I can’t believe it, but it worked! After lots of failed attempts, I finally was able to migrate an existing Windows 2000 installation from a Toshiba laptop to a QEMU “Q” virtual machine without the Windows 2000 installation disk.
Some background on why I converted a working Windows 2000 install to a Virtual Machine: <ol><li>I lost my Windows 2000 disk.</li><li>I really want to keep my Windows 2000 install because it is on a machine that I used for many years containing lots of information I’d like to keep archived.</li><li>The laptop has seen better days to say the least, and I wouldn’t be surprised if it kicked the bucket someday soon.</li><li>I’d like to keep using my Windows 2000 software which I bought at the full retail price.</li></ol>
My first few attempts to convert
My first few attempts were not successful. I was getting the blue screen of death. I tried both “Q” the QEMU based emulator for Mac OS X, as well as Parallels, but always got the BSOD. You can read more about my lame attempts to make a QEMU âQâ Windows 2000 Disk Image.
The Right Way
It was pretty easy. This website had all the information and resources I needed:
So its working, but since I’d like it to run faster I’m trying to convert it to a Parallels machine. It will also take up less room too. First I converted the dmg file to a crd file, and am now running the Parallels Image Tool on it, converting it to an expanding virtual disk. I had to change the extension from .cdr to .hdd for it to even look at it. I have no idea if this is going to work, but as usual I’ll let you know the results.
QEMU to Parallels
This is a tough one. As much as I love the speed and usability of Parallels, I’m disappointed they don’t support more image formats. I did find a couple of useful pages:
There seem to be rumors that .hdd virtual hard drive images are simply .iso files, but I haven’t found a reliable source of that information yet.
The best way to do this is to convert a drive using the Windows version of the Parallels Image Tool. Not sure why they don’t have that function in the Mac version, but they don’t. So I’m kind of confused - I took the advice of a page I read and used the Windows version of Parallels to create a disk image of the existing Windows drive, but when I try to boot it, I get an error. However, I changed the .hdd to a .cdr, and it booted in Q. Argh.
Now I’m trying to convert the image to an expanding type to see if that helps. I mainly want to try and reduce the size of the disk image, 20GB is too unwieldy. I’m using both the Mac Disk Utility to convert a dmg to a compressed dmg and the Parallels Image Tool to convert an hdd file to an expanding hdd file. From there, I’m going to try using the Parallels application itself to compact the image.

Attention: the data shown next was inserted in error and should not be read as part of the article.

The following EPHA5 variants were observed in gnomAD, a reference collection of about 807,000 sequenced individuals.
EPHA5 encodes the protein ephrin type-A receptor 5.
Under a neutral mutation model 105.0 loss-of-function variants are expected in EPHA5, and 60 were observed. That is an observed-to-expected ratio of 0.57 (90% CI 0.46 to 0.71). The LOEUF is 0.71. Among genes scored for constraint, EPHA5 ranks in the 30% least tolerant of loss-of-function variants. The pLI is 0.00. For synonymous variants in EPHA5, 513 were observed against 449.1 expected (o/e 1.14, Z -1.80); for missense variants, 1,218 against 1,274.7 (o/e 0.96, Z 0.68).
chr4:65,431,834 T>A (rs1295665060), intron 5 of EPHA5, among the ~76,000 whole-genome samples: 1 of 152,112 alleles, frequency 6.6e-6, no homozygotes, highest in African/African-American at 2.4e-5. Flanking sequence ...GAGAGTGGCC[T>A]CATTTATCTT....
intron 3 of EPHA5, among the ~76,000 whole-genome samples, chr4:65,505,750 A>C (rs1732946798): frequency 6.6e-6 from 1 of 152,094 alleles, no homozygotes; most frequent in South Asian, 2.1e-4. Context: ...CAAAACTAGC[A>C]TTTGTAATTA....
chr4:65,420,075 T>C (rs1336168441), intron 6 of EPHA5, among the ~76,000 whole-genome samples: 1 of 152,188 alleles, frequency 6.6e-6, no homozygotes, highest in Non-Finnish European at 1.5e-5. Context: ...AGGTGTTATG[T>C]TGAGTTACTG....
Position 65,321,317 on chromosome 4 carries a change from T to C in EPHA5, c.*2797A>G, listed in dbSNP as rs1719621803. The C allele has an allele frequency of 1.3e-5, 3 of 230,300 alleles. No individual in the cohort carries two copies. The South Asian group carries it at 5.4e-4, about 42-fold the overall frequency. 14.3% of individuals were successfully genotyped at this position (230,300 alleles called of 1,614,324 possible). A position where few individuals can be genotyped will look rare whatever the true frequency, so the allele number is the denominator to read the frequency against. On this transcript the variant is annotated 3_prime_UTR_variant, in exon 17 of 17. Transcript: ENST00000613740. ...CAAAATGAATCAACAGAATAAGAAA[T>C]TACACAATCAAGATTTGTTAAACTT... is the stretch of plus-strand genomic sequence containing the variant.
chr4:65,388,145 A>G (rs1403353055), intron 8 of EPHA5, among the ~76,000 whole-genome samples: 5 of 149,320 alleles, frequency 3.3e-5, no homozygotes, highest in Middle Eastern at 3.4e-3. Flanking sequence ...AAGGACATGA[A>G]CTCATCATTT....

- Using a compressed .dmg file with QEMU did not work at all.
- Parallels was not able to compact the image at all.
- Converting the 18GB .dmg file to a qcow image took awhile, but it did take 6GB off, and appears to be working OK. Sweet!
The qemu-img command line tool in Mac OS X seems to be finicky. Some instructions I’ve tried end up with files like “-c” or “-O” instead of the target filename. Here’s the one I got to work:
/Applications/Q.app/Contents/MacOS/qemu-img convert -c -f raw -O qcow disk1.dmg disk1.qcow
And one last note, if you are looking for information about the QEMU virtualization accelerator on Mac OS X, this is the best reference I found:
KQEMU on Mac OS X dated Sun Oct 08, 2006 9:42 am. I’m surprised there isn’t more interest in KQEMU on Mac OS X now that its GPL, but then again I’m not qualified to say how much work would be involved in creating the kernel extension. Perhaps the nice folks at the fantastic Google MacFUSE project would know how to create that kernel extension?
Also KQEMU on Mac OS X?
Anyway that link to the QEMU forums quotes Fabrice, the creator of QEMU saying this:
kqemu has been ported to many very different OSes (Windows, FreeBSD, Solaris, Linux), so Mac OS X should not be especially difficult. The first step is that you look at a close port such as the FreeBSD one (the source code is in the kqemu archive) and read the documentation given in the Linux wrapper (kqemu-linux.c). The second part is to be able to link the OS independent part of kqemu to you wrapper code. As the OS independant part is not open source, you need to either convert the ELF object code (kqemu-mod-i386.o) to your preferred format (Mach-O I presume), or I need to recompile the source code so that I can give you a Mach-O object file ready for linking with the OS specific wrapper.
An unexpected error occured: res://sp3res.dll/default.hta
HKEY_LOCAL_MACHINE\SOFTWARE\CLASSES.htc-> make sure the value “Content Type” should be “text/x-component”
That did not fix my res://sp3res.dll/default.hta error.
I also get this error when trying to use Windows Update: [Error Number: 0x8009200D]
Windows XP Related: